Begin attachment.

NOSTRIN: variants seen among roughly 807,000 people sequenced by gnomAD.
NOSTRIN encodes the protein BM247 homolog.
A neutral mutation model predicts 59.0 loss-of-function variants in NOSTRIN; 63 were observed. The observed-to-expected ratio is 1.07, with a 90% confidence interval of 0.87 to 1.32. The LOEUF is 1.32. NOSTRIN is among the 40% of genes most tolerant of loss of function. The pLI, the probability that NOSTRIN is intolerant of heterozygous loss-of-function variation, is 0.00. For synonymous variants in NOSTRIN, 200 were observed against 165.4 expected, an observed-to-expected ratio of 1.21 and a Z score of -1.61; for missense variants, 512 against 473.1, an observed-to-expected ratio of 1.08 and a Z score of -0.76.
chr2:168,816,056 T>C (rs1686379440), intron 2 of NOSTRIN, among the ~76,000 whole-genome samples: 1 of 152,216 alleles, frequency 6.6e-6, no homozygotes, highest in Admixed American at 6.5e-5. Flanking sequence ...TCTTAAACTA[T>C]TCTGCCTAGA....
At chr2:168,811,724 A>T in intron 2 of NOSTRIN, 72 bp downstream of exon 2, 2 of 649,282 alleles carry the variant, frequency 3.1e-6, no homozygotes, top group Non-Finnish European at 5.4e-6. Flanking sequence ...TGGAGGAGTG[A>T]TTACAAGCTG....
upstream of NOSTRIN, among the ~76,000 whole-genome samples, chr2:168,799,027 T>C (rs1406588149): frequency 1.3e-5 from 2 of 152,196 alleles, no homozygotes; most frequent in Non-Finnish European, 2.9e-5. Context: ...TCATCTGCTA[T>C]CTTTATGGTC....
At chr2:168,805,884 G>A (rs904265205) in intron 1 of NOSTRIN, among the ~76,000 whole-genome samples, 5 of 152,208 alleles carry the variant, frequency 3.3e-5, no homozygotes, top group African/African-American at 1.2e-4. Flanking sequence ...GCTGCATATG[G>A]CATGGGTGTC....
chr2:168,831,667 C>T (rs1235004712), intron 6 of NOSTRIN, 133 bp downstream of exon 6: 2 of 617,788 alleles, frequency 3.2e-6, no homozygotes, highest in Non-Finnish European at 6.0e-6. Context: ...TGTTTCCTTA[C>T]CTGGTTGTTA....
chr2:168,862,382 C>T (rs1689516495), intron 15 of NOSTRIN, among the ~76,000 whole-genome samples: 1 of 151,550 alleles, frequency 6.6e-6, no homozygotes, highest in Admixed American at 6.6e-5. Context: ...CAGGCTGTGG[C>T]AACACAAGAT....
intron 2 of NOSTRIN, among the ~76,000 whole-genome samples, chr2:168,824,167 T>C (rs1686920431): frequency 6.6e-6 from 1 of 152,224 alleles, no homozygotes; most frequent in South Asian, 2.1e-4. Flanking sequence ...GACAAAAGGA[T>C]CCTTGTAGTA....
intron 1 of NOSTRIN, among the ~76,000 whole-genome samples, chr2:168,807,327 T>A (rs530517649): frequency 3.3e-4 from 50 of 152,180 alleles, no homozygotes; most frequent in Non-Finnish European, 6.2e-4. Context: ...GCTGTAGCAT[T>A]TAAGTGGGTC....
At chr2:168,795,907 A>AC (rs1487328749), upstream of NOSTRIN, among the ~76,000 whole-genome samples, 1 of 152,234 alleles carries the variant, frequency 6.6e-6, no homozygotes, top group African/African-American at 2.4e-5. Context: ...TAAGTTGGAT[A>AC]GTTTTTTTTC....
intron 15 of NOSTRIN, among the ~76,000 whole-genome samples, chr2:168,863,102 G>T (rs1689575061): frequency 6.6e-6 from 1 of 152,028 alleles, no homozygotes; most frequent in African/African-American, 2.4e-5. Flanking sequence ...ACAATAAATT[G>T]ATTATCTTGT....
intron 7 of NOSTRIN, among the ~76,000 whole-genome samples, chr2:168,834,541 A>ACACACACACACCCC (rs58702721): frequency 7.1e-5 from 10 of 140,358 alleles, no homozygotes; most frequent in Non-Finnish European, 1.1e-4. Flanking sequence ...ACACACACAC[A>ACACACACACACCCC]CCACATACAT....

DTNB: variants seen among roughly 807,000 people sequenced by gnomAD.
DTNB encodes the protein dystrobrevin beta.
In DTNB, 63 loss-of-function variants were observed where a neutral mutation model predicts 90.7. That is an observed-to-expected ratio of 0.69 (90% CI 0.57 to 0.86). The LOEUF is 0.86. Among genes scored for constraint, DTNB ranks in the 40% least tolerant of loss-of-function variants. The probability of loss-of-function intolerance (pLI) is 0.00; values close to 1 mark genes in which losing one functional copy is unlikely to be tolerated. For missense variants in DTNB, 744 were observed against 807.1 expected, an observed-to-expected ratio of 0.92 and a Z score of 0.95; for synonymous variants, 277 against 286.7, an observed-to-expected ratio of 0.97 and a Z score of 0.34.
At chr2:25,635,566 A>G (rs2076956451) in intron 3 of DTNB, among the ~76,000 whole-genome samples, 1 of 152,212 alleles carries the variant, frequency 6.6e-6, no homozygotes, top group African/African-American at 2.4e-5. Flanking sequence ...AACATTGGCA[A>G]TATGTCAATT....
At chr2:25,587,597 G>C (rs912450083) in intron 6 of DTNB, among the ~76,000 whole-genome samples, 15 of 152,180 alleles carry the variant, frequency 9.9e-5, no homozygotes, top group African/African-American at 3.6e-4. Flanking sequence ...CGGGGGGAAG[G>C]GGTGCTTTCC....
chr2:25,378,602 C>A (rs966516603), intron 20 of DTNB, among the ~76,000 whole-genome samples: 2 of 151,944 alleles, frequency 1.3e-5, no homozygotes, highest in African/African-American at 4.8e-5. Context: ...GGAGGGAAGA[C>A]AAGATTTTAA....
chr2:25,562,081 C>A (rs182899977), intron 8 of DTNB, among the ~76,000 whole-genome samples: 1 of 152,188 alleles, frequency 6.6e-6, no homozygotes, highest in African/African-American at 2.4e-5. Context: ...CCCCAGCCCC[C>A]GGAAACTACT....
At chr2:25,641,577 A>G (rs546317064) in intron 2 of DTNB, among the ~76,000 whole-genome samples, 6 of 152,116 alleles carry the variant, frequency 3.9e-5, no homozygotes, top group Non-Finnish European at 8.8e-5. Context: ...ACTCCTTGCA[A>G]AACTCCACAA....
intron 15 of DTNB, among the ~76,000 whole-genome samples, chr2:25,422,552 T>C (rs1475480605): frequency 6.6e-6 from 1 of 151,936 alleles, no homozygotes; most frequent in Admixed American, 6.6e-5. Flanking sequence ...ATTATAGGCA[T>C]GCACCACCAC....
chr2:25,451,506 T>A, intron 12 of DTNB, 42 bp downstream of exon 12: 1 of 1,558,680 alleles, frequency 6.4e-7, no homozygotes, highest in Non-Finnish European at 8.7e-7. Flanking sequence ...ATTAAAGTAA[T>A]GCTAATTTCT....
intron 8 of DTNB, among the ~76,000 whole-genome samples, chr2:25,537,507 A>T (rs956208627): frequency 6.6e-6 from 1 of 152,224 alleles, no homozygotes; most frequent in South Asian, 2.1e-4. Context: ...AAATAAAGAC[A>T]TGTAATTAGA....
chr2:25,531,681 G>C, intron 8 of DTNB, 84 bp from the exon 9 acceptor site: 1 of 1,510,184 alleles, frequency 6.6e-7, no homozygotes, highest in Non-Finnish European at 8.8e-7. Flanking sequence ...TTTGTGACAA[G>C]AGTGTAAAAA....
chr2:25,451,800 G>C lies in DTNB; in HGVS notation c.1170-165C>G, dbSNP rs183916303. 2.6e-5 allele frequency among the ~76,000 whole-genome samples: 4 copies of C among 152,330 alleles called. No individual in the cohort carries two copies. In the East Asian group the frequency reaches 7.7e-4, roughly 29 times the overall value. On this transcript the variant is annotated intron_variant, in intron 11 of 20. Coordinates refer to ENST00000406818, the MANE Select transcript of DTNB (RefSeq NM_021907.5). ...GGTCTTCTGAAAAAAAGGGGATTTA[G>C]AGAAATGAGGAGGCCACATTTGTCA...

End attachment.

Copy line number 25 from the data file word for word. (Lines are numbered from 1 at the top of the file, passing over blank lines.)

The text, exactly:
intron 8 of DTNB, among the ~76,000 whole-genome samples, chr2:25,537,507 A>T (rs956208627): frequency 6.6e-6 from 1 of 152,224 alleles, no homozygotes; most frequent in South Asian, 2.1e-4. Context: ...AAATAAAGAC[A>T]TGTAATTAGA....